Could Thermal Ablation Rival Stereotactic Radiation Therapy in Early-Stage Lung Cancer?
Posted: Monday, December 3, 2018
For patients with stage 1 non–small cell lung cancer (NSCLC), thermal ablation is an effective alternative to stereotactic radiation therapy, according to a retrospective study published in Radiology. Hyun “Kevin” Kim, MD, of the Yale School of Medicine and Yale Cancer Center, and his colleagues determined that the overall survival for patients undergoing thermal ablation was similar to that of patients who received stereotactic radiation therapy. Thermal ablation may offer benefits in terms of patient convenience and cost-effectiveness as well.
“Thermal ablation is most often a one-time treatment, unlike [stereotactic radiation therapy], which requires multiple visits…,” explained Dr. Kim in a press release from the Radiological Society of North America. “In addition, ablation delivers highly accurate and precise localized treatment only to cancer cells, minimizing the effects to surrounding tissue and keeping the toxicity low.”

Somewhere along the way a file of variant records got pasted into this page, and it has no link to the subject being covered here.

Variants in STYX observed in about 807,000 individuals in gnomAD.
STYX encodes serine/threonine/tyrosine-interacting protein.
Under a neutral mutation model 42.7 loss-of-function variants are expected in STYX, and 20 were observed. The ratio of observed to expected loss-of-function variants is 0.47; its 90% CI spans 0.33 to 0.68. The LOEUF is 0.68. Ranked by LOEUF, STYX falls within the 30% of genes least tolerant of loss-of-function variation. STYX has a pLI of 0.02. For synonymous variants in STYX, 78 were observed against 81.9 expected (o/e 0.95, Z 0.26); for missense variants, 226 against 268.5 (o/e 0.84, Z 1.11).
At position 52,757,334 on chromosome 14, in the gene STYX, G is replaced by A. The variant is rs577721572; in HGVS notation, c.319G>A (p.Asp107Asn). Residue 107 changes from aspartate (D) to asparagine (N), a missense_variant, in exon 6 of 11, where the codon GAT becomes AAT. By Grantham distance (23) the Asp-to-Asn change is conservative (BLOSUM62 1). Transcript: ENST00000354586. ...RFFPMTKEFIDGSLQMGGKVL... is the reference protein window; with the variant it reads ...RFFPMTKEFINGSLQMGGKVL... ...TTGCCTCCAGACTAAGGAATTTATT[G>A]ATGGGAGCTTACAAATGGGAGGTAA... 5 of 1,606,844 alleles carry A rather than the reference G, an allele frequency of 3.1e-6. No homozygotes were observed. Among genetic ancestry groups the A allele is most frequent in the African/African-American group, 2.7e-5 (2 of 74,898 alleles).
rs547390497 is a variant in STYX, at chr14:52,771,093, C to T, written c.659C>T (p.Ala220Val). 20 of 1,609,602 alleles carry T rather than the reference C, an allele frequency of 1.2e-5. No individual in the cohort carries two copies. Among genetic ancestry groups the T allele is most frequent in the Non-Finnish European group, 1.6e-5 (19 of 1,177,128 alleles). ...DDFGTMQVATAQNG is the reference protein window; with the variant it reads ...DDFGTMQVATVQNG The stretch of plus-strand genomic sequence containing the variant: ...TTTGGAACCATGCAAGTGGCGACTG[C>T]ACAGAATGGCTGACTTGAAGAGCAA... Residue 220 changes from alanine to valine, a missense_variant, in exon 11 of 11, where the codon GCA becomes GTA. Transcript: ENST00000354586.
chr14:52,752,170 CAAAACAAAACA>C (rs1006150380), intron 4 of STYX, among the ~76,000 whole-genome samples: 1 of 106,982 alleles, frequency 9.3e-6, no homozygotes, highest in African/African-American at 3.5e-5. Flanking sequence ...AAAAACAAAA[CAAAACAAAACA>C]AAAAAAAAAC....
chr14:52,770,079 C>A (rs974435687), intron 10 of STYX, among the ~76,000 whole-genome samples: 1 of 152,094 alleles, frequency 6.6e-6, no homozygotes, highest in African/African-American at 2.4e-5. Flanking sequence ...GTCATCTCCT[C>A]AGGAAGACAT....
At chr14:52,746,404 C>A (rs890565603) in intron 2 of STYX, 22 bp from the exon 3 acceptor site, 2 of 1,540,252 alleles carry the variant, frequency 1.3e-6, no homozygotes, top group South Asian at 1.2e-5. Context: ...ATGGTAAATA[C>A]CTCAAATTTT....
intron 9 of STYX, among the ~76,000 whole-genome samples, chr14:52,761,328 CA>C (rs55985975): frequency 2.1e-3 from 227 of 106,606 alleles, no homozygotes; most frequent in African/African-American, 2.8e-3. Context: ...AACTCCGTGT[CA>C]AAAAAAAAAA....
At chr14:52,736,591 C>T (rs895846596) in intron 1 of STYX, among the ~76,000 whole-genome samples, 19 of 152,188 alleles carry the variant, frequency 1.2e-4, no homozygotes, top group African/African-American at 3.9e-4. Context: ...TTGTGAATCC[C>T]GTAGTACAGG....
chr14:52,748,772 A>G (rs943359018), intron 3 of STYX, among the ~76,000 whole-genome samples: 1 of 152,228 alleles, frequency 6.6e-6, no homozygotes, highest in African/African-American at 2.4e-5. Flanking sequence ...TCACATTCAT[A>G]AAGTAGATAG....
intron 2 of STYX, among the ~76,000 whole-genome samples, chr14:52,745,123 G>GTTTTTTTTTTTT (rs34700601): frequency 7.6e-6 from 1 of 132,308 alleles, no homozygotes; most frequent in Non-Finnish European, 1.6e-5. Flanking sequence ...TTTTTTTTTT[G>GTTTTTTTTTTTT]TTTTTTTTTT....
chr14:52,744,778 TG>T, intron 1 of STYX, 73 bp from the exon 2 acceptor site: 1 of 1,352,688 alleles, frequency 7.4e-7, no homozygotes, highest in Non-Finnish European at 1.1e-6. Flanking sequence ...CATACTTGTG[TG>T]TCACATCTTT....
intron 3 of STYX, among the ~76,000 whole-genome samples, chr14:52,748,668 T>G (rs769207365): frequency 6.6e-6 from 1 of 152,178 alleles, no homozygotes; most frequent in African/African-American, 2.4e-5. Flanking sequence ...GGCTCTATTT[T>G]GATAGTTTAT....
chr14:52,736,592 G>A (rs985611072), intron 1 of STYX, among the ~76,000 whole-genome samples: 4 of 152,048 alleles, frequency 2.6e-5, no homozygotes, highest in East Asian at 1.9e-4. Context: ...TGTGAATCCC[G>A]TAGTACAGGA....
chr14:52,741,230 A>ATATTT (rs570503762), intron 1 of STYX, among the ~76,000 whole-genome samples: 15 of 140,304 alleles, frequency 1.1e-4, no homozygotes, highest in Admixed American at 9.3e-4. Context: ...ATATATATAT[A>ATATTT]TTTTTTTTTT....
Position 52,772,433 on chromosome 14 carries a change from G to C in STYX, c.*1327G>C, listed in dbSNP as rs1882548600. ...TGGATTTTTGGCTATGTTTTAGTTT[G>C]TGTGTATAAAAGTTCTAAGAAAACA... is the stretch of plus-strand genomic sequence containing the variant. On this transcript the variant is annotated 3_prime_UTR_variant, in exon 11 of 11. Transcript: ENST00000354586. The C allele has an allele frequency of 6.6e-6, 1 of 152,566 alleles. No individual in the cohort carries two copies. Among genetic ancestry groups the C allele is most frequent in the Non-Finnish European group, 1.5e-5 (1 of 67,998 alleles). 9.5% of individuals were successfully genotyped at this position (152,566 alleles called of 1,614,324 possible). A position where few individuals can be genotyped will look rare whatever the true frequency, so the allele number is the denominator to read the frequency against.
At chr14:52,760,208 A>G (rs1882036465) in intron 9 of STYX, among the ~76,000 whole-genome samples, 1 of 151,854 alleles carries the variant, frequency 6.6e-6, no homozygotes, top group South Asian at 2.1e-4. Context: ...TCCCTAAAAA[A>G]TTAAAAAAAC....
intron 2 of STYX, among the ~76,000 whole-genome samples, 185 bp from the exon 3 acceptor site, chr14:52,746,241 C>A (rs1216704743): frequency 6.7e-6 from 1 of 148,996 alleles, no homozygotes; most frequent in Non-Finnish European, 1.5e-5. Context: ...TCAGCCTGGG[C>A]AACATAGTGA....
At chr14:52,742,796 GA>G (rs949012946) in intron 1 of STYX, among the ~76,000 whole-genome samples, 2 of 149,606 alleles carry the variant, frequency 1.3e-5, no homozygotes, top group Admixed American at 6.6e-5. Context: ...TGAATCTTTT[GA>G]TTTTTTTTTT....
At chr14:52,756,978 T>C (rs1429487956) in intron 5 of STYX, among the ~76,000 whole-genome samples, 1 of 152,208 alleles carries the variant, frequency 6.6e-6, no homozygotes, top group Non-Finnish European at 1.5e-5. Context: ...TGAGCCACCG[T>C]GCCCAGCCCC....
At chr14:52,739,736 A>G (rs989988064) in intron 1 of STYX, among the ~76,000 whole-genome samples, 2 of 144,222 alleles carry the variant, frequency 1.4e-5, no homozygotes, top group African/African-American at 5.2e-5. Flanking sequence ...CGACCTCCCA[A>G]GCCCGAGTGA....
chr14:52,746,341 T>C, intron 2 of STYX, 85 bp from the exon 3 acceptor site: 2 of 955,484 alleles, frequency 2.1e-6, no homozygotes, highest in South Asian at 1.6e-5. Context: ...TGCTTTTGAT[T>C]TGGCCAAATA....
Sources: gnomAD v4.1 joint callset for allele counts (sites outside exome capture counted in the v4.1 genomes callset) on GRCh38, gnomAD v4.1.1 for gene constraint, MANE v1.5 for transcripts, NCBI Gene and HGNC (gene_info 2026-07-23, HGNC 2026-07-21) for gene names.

This study analyzed 28,834 patients with stage 1 NSCLC from the 2004–2013 National Cancer Database. A total of 1,102 of these patients had been treated with thermal ablation, and 27,732 underwent stereotactic radiation therapy.
Patients treated with thermal ablation had more comorbidities than those treated with stereotactic radiation therapy and smaller tumors. After Dr. Kim’s team matched cohorts to balance the potential cofounders, the survival rates for the two treatment methods were comparable. The overall survival for patients undergoing thermal ablation was 85.4% after 1 year and 24.6% after 5 years, compared with 86.3% after 1 year and 26.1% after 5 years with stereotactic radiation therapy.